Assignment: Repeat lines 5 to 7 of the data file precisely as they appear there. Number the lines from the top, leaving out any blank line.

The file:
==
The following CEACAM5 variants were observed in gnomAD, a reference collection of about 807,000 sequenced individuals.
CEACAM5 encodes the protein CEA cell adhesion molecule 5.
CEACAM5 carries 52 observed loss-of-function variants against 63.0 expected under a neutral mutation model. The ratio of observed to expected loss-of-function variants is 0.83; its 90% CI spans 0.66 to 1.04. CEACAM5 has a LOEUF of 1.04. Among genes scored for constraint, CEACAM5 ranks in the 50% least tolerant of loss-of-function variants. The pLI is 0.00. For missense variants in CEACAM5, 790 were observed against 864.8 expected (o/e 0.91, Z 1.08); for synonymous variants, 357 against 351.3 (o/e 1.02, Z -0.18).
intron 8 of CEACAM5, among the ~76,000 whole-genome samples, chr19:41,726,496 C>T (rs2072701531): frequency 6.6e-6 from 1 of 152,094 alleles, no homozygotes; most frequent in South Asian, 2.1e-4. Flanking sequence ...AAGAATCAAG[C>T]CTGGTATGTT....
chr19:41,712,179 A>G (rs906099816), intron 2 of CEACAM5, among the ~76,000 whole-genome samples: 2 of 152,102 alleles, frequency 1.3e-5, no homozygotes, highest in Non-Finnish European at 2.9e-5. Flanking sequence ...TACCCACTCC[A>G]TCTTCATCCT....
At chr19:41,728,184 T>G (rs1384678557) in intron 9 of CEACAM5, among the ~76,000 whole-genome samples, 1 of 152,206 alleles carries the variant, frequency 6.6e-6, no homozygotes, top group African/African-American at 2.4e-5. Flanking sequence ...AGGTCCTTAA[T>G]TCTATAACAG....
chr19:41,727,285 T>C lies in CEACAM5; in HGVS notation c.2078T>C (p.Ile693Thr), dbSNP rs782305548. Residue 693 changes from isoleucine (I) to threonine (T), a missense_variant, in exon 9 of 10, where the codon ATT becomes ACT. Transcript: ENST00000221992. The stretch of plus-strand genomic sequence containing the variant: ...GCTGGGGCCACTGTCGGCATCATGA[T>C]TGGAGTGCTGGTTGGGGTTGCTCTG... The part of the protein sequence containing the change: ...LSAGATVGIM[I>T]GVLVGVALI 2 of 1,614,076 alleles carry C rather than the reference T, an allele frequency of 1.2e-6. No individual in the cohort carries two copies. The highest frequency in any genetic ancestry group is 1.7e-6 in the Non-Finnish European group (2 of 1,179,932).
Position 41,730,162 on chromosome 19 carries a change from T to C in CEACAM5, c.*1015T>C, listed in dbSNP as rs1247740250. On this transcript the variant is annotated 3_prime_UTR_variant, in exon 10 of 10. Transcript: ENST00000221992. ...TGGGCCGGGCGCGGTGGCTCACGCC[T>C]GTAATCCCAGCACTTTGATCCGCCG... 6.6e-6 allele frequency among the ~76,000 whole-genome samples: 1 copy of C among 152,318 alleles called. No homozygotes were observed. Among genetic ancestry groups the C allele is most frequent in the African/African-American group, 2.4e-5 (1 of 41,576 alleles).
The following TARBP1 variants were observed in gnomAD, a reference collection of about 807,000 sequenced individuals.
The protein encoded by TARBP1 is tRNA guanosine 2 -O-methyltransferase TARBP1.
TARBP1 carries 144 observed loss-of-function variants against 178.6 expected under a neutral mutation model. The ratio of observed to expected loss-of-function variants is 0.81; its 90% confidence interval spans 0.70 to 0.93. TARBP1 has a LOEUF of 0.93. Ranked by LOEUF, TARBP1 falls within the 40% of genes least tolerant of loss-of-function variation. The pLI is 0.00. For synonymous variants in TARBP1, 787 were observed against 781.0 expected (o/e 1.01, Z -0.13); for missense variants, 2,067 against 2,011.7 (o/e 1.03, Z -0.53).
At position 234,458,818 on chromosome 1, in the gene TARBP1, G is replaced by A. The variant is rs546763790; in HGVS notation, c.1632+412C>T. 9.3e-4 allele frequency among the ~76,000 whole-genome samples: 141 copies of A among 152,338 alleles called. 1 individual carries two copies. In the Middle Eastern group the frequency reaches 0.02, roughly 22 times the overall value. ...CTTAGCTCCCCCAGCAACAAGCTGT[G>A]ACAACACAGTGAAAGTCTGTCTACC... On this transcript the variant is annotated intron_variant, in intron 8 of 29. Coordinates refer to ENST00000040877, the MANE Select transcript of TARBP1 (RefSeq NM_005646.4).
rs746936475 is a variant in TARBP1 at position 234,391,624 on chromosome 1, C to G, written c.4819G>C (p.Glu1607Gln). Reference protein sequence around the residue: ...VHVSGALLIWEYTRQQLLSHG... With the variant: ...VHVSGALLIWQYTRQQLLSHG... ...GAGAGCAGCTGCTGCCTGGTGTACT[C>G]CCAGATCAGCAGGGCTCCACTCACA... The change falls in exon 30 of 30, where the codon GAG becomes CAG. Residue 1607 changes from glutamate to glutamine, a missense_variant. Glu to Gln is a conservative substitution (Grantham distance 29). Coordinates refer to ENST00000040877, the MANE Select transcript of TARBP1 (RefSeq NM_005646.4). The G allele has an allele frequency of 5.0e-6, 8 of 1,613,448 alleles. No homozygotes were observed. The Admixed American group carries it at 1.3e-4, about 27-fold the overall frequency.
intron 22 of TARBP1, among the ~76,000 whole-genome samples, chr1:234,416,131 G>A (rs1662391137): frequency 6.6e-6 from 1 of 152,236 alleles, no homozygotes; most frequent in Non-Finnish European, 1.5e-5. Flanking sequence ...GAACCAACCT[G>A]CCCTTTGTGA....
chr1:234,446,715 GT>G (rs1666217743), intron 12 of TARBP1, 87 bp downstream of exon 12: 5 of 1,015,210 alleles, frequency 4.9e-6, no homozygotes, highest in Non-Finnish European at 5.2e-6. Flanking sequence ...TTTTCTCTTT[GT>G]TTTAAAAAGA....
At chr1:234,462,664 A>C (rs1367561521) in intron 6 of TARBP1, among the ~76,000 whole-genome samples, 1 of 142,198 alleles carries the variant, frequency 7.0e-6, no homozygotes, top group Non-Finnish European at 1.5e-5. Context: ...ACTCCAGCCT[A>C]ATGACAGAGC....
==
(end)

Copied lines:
chr19:41,712,179 A>G (rs906099816), intron 2 of CEACAM5, among the ~76,000 whole-genome samples: 2 of 152,102 alleles, frequency 1.3e-5, no homozygotes, highest in Non-Finnish European at 2.9e-5. Flanking sequence ...TACCCACTCC[A>G]TCTTCATCCT....
At chr19:41,728,184 T>G (rs1384678557) in intron 9 of CEACAM5, among the ~76,000 whole-genome samples, 1 of 152,206 alleles carries the variant, frequency 6.6e-6, no homozygotes, top group African/African-American at 2.4e-5. Flanking sequence ...AGGTCCTTAA[T>G]TCTATAACAG....
chr19:41,727,285 T>C lies in CEACAM5; in HGVS notation c.2078T>C (p.Ile693Thr), dbSNP rs782305548. Residue 693 changes from isoleucine (I) to threonine (T), a missense_variant, in exon 9 of 10, where the codon ATT becomes ACT. Transcript: ENST00000221992. The stretch of plus-strand genomic sequence containing the variant: ...GCTGGGGCCACTGTCGGCATCATGA[T>C]TGGAGTGCTGGTTGGGGTTGCTCTG... The part of the protein sequence containing the change: ...LSAGATVGIM[I>T]GVLVGVALI 2 of 1,614,076 alleles carry C rather than the reference T, an allele frequency of 1.2e-6. No individual in the cohort carries two copies. The highest frequency in any genetic ancestry group is 1.7e-6 in the Non-Finnish European group (2 of 1,179,932).